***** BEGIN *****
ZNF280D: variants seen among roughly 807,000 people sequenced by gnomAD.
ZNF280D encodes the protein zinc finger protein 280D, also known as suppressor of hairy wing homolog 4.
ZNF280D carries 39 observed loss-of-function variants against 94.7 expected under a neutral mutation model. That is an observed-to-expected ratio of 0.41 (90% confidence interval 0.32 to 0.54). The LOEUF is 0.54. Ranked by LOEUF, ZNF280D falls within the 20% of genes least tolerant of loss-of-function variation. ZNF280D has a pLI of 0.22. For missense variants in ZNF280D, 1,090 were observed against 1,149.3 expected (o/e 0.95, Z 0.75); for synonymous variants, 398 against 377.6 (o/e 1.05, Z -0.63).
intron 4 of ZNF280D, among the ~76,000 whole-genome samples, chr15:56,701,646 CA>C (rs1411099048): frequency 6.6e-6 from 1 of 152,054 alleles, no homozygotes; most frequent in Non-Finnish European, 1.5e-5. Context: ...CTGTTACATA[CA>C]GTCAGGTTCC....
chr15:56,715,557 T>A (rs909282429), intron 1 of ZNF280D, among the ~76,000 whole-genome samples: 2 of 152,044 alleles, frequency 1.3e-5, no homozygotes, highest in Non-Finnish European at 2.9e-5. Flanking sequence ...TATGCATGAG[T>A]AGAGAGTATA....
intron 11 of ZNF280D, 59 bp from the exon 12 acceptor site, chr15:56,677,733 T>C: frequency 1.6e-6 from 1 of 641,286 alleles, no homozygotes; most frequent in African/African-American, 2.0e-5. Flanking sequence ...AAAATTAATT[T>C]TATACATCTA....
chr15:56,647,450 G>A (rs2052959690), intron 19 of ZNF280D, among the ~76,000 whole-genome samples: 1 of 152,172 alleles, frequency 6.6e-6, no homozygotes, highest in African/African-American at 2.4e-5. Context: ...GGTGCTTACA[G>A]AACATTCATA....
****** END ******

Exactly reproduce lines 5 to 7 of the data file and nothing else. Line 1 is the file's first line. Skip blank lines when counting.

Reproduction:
chr15:56,715,557 T>A (rs909282429), intron 1 of ZNF280D, among the ~76,000 whole-genome samples: 2 of 152,044 alleles, frequency 1.3e-5, no homozygotes, highest in Non-Finnish European at 2.9e-5. Flanking sequence ...TATGCATGAG[T>A]AGAGAGTATA....
intron 11 of ZNF280D, 59 bp from the exon 12 acceptor site, chr15:56,677,733 T>C: frequency 1.6e-6 from 1 of 641,286 alleles, no homozygotes; most frequent in African/African-American, 2.0e-5. Flanking sequence ...AAAATTAATT[T>C]TATACATCTA....
chr15:56,647,450 G>A (rs2052959690), intron 19 of ZNF280D, among the ~76,000 whole-genome samples: 1 of 152,172 alleles, frequency 6.6e-6, no homozygotes, highest in African/African-American at 2.4e-5. Context: ...GGTGCTTACA[G>A]AACATTCATA....